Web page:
Auctioning Conservation Contracts and Evaluating the Risk Attitudes of Farmers: Economic Experiments in Japan

Agri-environmental programs in Japan have generally been promoted through the provision of fixed payments for certain environment-friendly farming and management practices. However, the auctioning of agrienvironmental contracts is a noteworthy alternative for the furtherance of such programs. Conservation auctions are used to enhance the cost-effectiveness of public expenses and have been employed in practice as well as tested in various pilot projects in some countries. This study uses an experimental economics method to factor the risk attitude of participants into a comparison of uniform price (UP) auctions and discriminatory price (DP) auctions. Although some studies have compared fixed payments, UP auctions, and DP auctions, the superiority or inferiority of these strategies depends on the settings of an experiment. Consequently, experiments reflecting the Japanese situation could provide further insight into the advantages of each of these methods, and be used to guide policy design. In addition, the study also examines the effects of participants’ risk attitudes on auction performance. Its principal conclusion is that DP auctions outperform UP auctions; this is in line with the findings of previous studies. This empirical research furthers our understanding of environmental auctions in a first step toward the design of such auctions, but field experiments using real farmers should be conducted in order to help corroborate research conclusions before these are applied to the real world.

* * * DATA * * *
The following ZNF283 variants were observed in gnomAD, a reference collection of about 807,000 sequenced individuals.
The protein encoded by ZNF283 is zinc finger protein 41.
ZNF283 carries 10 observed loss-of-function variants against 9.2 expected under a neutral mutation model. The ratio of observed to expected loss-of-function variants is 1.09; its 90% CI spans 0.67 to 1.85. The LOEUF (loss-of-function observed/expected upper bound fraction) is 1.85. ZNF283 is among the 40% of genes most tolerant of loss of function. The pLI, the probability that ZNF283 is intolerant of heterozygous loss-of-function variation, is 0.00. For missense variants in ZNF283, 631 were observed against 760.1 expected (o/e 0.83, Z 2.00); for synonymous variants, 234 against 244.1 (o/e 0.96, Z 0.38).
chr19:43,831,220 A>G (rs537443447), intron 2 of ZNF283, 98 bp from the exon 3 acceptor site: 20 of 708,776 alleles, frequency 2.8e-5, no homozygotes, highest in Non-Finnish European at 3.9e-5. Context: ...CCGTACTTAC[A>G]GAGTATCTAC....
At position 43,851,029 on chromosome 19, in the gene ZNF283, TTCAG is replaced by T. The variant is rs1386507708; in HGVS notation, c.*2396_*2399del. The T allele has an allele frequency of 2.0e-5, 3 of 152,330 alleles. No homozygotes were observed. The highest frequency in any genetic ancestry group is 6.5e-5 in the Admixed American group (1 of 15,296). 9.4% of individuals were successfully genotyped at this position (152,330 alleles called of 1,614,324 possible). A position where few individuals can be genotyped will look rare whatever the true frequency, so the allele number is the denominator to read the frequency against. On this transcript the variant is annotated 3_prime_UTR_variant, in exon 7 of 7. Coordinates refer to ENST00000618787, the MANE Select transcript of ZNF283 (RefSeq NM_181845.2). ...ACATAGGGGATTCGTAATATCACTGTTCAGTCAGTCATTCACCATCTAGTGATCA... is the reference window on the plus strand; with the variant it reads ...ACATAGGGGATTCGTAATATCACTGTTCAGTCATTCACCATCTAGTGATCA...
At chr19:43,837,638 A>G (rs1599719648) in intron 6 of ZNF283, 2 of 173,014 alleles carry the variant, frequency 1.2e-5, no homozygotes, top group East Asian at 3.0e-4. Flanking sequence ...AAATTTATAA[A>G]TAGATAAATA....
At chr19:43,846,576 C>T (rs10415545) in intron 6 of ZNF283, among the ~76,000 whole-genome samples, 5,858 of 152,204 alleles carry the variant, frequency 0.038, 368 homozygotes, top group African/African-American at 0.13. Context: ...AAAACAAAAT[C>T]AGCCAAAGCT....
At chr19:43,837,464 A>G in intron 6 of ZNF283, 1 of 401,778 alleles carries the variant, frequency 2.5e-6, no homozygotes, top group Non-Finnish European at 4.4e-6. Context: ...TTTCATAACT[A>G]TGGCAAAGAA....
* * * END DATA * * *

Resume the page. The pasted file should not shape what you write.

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 Record created 2017-04-01, last modified 2018-01-22

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